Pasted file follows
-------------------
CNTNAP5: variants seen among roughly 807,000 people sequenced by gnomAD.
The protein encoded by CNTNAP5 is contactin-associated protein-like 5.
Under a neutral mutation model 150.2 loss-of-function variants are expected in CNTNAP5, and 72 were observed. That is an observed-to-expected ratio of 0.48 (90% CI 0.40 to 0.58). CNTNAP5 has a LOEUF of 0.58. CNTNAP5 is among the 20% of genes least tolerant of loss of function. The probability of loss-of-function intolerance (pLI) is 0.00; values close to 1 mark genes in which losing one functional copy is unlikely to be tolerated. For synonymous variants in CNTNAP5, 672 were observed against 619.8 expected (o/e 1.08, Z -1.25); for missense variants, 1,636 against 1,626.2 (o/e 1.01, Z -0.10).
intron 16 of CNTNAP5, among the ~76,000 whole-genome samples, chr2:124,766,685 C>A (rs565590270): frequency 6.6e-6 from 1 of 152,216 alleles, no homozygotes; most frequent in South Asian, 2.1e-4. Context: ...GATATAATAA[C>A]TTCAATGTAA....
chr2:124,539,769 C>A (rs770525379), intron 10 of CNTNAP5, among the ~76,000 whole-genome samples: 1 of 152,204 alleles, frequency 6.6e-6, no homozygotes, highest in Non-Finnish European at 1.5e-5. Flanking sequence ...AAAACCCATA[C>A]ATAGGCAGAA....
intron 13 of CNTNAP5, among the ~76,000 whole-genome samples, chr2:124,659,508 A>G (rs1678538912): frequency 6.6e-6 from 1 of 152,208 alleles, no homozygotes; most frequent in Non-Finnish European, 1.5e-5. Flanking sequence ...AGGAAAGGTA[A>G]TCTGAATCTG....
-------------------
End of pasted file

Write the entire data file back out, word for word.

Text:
CNTNAP5: variants seen among roughly 807,000 people sequenced by gnomAD.
The protein encoded by CNTNAP5 is contactin-associated protein-like 5.
Under a neutral mutation model 150.2 loss-of-function variants are expected in CNTNAP5, and 72 were observed. That is an observed-to-expected ratio of 0.48 (90% CI 0.40 to 0.58). CNTNAP5 has a LOEUF of 0.58. CNTNAP5 is among the 20% of genes least tolerant of loss of function. The probability of loss-of-function intolerance (pLI) is 0.00; values close to 1 mark genes in which losing one functional copy is unlikely to be tolerated. For synonymous variants in CNTNAP5, 672 were observed against 619.8 expected (o/e 1.08, Z -1.25); for missense variants, 1,636 against 1,626.2 (o/e 1.01, Z -0.10).
intron 16 of CNTNAP5, among the ~76,000 whole-genome samples, chr2:124,766,685 C>A (rs565590270): frequency 6.6e-6 from 1 of 152,216 alleles, no homozygotes; most frequent in South Asian, 2.1e-4. Context: ...GATATAATAA[C>A]TTCAATGTAA....
chr2:124,539,769 C>A (rs770525379), intron 10 of CNTNAP5, among the ~76,000 whole-genome samples: 1 of 152,204 alleles, frequency 6.6e-6, no homozygotes, highest in Non-Finnish European at 1.5e-5. Flanking sequence ...AAAACCCATA[C>A]ATAGGCAGAA....
intron 13 of CNTNAP5, among the ~76,000 whole-genome samples, chr2:124,659,508 A>G (rs1678538912): frequency 6.6e-6 from 1 of 152,208 alleles, no homozygotes; most frequent in Non-Finnish European, 1.5e-5. Flanking sequence ...AGGAAAGGTA[A>G]TCTGAATCTG....